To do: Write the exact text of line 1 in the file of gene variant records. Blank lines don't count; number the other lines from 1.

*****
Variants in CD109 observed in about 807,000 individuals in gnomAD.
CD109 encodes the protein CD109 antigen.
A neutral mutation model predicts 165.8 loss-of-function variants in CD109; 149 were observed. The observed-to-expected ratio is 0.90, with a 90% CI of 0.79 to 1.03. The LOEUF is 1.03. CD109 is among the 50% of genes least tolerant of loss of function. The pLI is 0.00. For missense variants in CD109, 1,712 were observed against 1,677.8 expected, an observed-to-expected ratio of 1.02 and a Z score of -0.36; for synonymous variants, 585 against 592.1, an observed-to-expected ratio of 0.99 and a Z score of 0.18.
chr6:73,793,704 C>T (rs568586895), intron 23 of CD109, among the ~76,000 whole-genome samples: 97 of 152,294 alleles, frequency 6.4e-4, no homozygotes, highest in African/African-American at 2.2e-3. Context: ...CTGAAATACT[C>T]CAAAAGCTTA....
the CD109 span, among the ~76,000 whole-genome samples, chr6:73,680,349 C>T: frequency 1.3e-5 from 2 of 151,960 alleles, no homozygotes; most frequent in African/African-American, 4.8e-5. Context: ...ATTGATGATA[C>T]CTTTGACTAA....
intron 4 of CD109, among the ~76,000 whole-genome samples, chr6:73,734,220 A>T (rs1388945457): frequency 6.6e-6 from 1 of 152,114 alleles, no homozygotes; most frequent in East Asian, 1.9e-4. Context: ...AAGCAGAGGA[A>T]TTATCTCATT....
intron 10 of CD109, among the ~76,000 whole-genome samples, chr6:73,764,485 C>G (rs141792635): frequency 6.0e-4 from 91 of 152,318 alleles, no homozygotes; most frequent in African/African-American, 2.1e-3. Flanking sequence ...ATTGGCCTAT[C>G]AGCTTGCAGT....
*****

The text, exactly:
Variants in CD109 observed in about 807,000 individuals in gnomAD.